The present invention, therefore, provides in some, but not in necessarily all, embodiments a system for subsea transfer of intervention fluids to a subsea intervention apparatus, the system including a structure for a subsea intervention apparatus; a frame pivotably mounted to the structure, the frame having a first end at the structure and a second end spaced-apart from the first end; a plurality of frame fluid conduits on the frame extending from the first end to the second end for conducting fluid from a connector to conduit apparatus in fluid communication with the subsea intervention apparatus; a connector at the second end of the frame for releasably holding an end of a fluid stab assembly; the connector having a plurality of connector fluid conduits therethrough corresponding to the plurality of frame fluid conduits, each connector fluid conduits in fluid communication with a corresponding frame fluid conduit; the connector fluid conduits located for receiving fluid from a fluid stab assembly releasably held by the connector; and wherein each frame fluid conduit is rigid.
The present invention, therefore, provides in some, but not in necessarily all, embodiments a method for transferring intervention fluids from a pump down line to a subsea intervention apparatus, the method including flowing fluid through a pump down line into a fluid stab assembly connected to a connector of a system for subsea transfer of fluids, the system as any disclosed herein according to the present invention, flowing the fluid through the connector, flowing the fluid through the plurality of frame conduits, and flowing the fluid from the plurality of frame conduits to the subsea intervention apparatus.
In conclusion, therefore, it is seen that the present invention and the embodiments disclosed herein and those covered by the appended claims are well adapted to carry out the objectives and obtain the ends set forth. Certain changes can be made in the subject matter without departing from the spirit and the scope of this invention. It is realized that changes are possible within the scope of this invention and it is further intended that each element or step recited in any of the following claims is to be understood as referring to the step literally and/or to all equivalent elements or steps. The following claims are intended to cover the invention as broadly as legally possible in whatever form it may be utilized. The invention claimed herein is new and novel in accordance with 35 U.S.C. § 102 and satisfies the conditions for patentability in § 102. The invention claimed herein is not obvious in accordance with 35 U.S.C. § 103 and satisfies the conditions for patentability in § 103. This specification and the claims that follow are in accordance with all of the requirements of 35 U.S.C. § 112. The inventors may rely on the Doctrine of Equivalents to determine and assess the scope of their invention and of the claims that follow as they may pertain to apparatus not materially departing from, but outside of, the literal scope of the invention as set forth in the following claims. All patents and applications identified herein are incorporated fully herein for all purposes.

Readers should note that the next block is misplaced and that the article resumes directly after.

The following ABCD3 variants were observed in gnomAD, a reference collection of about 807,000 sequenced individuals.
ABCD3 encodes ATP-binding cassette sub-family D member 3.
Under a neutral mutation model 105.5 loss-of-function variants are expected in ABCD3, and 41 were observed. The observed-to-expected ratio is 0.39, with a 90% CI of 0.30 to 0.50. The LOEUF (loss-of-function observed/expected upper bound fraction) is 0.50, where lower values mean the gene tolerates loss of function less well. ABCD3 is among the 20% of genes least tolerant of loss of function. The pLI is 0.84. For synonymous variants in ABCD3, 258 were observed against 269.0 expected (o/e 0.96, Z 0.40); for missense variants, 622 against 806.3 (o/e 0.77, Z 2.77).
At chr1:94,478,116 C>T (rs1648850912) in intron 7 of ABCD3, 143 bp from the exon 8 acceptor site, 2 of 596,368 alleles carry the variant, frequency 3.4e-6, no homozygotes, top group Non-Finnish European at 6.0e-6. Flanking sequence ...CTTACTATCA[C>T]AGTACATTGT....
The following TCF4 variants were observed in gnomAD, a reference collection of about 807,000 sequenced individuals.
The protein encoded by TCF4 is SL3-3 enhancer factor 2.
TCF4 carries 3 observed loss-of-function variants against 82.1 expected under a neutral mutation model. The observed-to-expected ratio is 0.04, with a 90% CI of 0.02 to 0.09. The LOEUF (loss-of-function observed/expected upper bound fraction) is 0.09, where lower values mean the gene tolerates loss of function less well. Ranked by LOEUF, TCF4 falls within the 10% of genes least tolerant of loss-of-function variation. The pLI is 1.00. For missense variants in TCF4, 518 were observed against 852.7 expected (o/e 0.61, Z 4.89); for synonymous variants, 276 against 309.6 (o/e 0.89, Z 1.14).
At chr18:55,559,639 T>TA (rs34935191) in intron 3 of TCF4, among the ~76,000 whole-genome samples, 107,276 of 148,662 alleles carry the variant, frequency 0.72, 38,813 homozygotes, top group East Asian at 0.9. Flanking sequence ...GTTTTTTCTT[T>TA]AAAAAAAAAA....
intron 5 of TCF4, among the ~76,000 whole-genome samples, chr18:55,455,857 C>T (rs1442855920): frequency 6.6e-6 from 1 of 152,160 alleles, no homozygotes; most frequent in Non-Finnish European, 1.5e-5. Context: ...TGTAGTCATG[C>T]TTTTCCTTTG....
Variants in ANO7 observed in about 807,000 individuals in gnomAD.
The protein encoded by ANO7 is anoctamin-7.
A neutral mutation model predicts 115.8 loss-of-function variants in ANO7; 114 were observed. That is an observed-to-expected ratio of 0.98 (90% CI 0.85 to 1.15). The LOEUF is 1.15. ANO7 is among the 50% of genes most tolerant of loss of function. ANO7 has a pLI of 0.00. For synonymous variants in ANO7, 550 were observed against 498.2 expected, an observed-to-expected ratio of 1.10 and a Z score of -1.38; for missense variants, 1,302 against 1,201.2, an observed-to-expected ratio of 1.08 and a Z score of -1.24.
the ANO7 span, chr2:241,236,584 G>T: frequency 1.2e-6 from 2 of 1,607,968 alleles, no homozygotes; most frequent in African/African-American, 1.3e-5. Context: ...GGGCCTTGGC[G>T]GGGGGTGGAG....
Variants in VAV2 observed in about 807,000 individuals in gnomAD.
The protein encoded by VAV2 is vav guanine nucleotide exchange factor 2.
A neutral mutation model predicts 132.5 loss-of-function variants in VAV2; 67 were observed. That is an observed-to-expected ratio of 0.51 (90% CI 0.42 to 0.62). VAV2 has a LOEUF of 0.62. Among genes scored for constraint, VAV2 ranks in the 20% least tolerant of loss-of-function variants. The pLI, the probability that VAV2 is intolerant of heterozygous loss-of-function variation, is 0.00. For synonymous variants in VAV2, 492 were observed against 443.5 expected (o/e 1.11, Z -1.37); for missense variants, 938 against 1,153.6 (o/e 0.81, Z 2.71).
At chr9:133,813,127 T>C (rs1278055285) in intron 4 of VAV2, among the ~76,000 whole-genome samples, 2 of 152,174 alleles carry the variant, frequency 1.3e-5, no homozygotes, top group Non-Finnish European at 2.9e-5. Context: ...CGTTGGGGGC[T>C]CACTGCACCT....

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|U.S. Classification||166/344, 405/169, 166/338|
|Cooperative Classification||E21B43/013, B63B27/34, E21B43/0107, E21B19/002, E21B41/0007, B63B27/24|
|European Classification||B63B27/34, E21B41/00A, E21B43/01F, E21B19/00A, E21B43/013|
|Jun 6, 2005||AS||Assignment|
Owner name: VARCO I/P, INC., TEXAS
Free format text: ASSIGNMENT OF ASSIGNORS INTEREST;ASSIGNOR:YATER, RONALD WILLIAM;REEL/FRAME:016658/0943
Effective date: 20050603
|Oct 29, 2010||FPAY||Fee payment|
Year of fee payment: 4
|Jan 16, 2015||REMI||Maintenance fee reminder mailed|
|Jun 5, 2015||LAPS||Lapse for failure to pay maintenance fees|
|Jul 28, 2015||FP||Expired due to failure to pay maintenance fee|
Effective date: 20150605